Wednesday, 8 April 2015

How I (try) to remember what I read!

I read about 50 books a year. I can't possibly remember all of them, and certainly not the ones I read five years ago! I am terrible with details. I often remember how a book made me feel, but rare is the book that I manage to recall much of months after I've read it. It goes without saying that some of the books I read I don't need nor want to remember, but I still want to know what I read and how I felt about it. I don't want to go to the library only to come home with books I've already been through, and read them with what at first feels like déjà vu then turns into remembering who the killer was and angrily slamming the book shut. This happens to my mother all the time. So I told her to at least write down the titles she has read. She keeps a notebook by her bed now (where she reads the most), but I don't think she actually uses it. She should.

Keep a list of the titles you read

It doesn't have to be fancy at all, just write down the books in a notebook or a document of some kind. You can use tracking sites such as goodreads or librarything (and a number of others) or create your own spreadsheet. I use a combination of methods. I have a Goodreads account where I track what I read when I read it (and give somewhat arbitrary ratings, and on occasion, reviews), a spreadsheet I fill in after I've read something (with information I want to track and compile as the reading year progresses).

Write notes while you read

I like to highlight, underline and write notes when I read things I know I'll want to remember. Most e-book apps will let you highlight, bookmark and take notes. I write in my books too, but if I don't want to I write in a notebook (sometimes I rip out the pages and stuff them into the book I read, other times I can't or don't need to do that and I just keep them in the notebook. Spiral binding is useful for this. Then I can decide what to do when I'm done reading). I do not write long notes (unless I do), and I'm not a collector of quotes (though I'll underline particularly nice ones anyway) so often it is just a page of random thoughts or guesses on how the story progresses. I usually pair my notebook note with a page number so I know what I'm talking about if I need to reference it later.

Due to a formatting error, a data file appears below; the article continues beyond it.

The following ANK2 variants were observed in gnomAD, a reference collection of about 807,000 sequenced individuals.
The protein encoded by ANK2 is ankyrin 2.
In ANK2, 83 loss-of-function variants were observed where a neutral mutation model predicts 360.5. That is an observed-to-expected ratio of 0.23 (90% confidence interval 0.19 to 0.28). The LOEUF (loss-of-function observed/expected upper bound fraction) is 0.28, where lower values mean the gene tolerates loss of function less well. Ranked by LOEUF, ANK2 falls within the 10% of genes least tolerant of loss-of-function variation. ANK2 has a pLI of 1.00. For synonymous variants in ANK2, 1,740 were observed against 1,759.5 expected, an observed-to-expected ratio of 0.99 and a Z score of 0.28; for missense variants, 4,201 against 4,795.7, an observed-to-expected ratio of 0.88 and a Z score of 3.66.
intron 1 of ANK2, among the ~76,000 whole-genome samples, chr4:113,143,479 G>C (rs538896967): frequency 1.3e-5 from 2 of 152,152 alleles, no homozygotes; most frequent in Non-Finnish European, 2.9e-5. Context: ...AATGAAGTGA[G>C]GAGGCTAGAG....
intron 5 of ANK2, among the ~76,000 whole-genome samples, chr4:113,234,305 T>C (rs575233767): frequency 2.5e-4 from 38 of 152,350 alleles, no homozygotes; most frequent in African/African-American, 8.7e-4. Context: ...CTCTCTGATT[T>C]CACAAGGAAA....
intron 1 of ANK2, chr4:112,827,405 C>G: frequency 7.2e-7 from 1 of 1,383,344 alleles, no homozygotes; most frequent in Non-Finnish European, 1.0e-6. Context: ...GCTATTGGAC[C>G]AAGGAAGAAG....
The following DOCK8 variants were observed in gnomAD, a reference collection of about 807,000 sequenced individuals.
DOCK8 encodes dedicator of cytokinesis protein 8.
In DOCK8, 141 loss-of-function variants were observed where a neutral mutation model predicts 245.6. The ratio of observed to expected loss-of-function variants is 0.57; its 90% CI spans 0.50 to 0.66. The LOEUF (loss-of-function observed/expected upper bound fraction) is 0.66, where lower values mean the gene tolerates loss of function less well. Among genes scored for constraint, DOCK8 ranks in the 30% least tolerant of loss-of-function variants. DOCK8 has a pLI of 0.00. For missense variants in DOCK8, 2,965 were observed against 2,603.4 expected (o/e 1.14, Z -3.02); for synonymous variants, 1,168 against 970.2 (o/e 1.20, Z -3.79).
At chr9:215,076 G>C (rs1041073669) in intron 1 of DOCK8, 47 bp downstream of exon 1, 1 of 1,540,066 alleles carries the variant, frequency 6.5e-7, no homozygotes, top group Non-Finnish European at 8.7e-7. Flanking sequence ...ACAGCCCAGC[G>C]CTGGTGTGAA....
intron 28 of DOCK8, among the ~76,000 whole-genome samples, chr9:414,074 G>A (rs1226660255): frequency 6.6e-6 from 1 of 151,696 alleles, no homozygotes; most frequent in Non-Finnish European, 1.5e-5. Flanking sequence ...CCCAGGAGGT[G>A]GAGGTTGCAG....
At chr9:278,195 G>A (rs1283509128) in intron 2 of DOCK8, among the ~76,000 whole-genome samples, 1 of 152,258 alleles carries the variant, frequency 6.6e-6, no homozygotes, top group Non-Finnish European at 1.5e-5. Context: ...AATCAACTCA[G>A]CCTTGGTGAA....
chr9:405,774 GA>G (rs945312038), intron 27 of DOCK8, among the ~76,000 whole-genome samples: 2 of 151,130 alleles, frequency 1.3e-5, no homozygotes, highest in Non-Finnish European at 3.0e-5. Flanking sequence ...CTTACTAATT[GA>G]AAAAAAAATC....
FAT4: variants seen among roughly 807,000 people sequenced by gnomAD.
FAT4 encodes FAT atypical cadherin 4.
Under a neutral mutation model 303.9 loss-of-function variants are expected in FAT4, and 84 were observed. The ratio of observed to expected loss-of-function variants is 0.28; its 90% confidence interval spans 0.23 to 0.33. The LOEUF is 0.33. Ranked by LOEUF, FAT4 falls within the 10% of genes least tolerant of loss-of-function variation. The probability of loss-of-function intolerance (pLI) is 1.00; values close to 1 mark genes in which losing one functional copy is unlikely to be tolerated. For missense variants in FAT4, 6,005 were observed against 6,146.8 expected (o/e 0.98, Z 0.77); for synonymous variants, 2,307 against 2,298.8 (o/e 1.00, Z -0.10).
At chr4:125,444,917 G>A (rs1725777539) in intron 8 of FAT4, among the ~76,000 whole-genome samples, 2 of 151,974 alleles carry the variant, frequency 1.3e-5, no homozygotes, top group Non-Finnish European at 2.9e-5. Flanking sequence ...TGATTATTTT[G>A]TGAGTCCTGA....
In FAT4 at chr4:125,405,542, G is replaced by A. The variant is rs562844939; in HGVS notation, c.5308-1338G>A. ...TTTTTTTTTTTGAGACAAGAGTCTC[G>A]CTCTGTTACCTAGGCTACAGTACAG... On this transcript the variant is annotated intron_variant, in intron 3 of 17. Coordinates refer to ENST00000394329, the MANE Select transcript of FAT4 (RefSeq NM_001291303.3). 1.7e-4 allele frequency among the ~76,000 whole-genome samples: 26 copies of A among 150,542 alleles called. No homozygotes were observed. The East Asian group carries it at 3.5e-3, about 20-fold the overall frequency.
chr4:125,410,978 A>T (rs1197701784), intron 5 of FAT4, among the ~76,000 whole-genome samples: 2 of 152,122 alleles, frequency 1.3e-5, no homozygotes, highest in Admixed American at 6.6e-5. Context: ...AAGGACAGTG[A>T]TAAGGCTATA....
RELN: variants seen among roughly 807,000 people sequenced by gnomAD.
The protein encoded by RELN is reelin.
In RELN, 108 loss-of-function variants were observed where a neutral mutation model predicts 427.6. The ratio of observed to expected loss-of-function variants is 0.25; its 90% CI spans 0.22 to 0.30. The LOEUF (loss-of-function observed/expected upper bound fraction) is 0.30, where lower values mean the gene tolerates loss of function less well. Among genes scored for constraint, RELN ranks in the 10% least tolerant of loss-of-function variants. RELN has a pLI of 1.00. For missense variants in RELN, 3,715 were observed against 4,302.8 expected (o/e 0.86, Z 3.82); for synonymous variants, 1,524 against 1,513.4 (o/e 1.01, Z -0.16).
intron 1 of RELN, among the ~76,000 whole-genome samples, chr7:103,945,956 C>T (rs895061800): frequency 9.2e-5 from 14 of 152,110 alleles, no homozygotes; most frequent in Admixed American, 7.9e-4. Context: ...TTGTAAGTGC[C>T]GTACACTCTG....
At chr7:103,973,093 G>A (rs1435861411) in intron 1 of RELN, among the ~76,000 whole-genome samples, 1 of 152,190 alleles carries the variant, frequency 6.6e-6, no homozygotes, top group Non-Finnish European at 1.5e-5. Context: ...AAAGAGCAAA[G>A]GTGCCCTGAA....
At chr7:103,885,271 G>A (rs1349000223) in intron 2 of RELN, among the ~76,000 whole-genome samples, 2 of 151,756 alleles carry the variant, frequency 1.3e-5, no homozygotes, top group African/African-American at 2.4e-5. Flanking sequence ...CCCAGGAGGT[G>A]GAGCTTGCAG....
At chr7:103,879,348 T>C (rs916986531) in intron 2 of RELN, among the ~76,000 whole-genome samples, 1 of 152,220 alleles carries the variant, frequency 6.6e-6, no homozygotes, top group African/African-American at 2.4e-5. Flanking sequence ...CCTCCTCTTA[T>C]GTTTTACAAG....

Write down your thoughts afterwards

I know, you'd rather start the next book, hang out with some people you like, catch up on twitter or watch a TV-show/movie, but taking ten minutes to think about what you just read and then write it down will make it easier to remember later. I don't always do this, but when I don't I often regret it. I write my thoughts in a variety of places: in a notebook (I keep it next to where I usually read), in the review section of my Goodreads account, here on the blog (or on my Norwegian blog), and sometimes in some document or note-taking app on any of my digital devices (Mostly I use Evernote for this). This way I can read over the paragraph (or three) that I wrote and remember things. If I am reading a series I'll also write down things I'll want to keep in mind for later or questions I have. My personal notes are sometimes very confusing and I forgot what I meant, so I recommenced full sentences, but sometimes just keywords work for me, or lists of things I liked and didn't like. This is very much the same method I used when I read my curriculum in school, and it works quite well. If I can be bothered I read over it, and perhaps add new notes, about a week later too, but I'm mostly too lazy for that. If I borrowed the book I sometimes take a picture of the cover and keep it somewhere as a bonus visual reminder.

- Kristine.

No comments:

Post a Comment